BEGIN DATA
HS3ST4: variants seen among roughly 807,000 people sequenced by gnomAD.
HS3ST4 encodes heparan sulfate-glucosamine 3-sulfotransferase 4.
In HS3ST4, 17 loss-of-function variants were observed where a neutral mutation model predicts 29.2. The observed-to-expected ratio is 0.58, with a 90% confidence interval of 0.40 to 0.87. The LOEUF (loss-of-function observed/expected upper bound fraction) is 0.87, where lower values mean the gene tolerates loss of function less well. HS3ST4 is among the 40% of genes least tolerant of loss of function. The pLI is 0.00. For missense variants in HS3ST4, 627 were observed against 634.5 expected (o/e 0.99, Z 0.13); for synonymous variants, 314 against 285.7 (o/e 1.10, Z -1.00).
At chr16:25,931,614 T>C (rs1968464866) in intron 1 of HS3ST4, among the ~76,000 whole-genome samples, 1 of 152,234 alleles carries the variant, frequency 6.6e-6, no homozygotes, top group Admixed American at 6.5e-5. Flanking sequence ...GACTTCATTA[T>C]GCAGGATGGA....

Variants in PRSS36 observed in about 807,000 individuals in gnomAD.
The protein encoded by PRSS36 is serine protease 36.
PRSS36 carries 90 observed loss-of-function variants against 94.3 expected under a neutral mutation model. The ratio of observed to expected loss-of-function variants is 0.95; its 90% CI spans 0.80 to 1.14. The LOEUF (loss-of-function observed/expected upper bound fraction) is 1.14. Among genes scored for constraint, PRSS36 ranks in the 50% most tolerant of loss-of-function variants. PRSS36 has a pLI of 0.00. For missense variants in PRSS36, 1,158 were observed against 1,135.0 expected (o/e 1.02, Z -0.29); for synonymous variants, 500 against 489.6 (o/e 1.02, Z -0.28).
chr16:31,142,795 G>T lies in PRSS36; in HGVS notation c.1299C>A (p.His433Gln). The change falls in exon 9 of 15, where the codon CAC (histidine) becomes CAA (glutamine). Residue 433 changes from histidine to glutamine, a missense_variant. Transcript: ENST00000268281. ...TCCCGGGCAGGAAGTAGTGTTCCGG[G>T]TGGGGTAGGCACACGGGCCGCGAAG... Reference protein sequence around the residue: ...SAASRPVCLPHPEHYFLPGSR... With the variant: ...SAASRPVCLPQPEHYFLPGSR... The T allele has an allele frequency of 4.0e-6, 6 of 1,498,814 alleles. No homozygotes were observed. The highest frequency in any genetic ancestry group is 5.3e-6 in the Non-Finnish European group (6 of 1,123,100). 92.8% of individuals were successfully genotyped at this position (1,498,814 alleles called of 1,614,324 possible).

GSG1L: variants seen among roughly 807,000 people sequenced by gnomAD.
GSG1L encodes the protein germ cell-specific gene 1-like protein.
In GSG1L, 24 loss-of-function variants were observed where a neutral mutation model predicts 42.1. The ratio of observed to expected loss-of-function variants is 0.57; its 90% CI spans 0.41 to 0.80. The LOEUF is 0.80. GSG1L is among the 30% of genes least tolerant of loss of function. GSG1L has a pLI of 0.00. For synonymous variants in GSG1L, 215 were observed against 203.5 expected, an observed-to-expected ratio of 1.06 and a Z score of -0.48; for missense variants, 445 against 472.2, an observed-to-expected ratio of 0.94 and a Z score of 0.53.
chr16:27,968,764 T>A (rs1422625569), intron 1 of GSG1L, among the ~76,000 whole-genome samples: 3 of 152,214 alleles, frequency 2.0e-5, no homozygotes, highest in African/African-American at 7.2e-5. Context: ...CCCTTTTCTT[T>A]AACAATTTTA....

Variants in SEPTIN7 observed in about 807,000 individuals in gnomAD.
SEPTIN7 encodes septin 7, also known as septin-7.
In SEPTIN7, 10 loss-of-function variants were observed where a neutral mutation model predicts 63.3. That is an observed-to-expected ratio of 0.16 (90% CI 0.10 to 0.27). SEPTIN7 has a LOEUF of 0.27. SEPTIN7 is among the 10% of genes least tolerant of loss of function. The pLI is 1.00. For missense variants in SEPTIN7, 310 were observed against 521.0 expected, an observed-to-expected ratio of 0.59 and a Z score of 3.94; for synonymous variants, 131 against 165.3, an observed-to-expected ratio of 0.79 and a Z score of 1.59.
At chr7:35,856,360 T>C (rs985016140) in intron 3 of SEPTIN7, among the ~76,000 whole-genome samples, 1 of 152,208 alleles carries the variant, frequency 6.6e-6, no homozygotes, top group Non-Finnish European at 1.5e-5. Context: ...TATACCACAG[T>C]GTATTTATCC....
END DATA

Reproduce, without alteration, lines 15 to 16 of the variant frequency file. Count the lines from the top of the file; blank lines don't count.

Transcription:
In SEPTIN7, 10 loss-of-function variants were observed where a neutral mutation model predicts 63.3. That is an observed-to-expected ratio of 0.16 (90% CI 0.10 to 0.27). SEPTIN7 has a LOEUF of 0.27. SEPTIN7 is among the 10% of genes least tolerant of loss of function. The pLI is 1.00. For missense variants in SEPTIN7, 310 were observed against 521.0 expected, an observed-to-expected ratio of 0.59 and a Z score of 3.94; for synonymous variants, 131 against 165.3, an observed-to-expected ratio of 0.79 and a Z score of 1.59.
At chr7:35,856,360 T>C (rs985016140) in intron 3 of SEPTIN7, among the ~76,000 whole-genome samples, 1 of 152,208 alleles carries the variant, frequency 6.6e-6, no homozygotes, top group Non-Finnish European at 1.5e-5. Context: ...TATACCACAG[T>C]GTATTTATCC....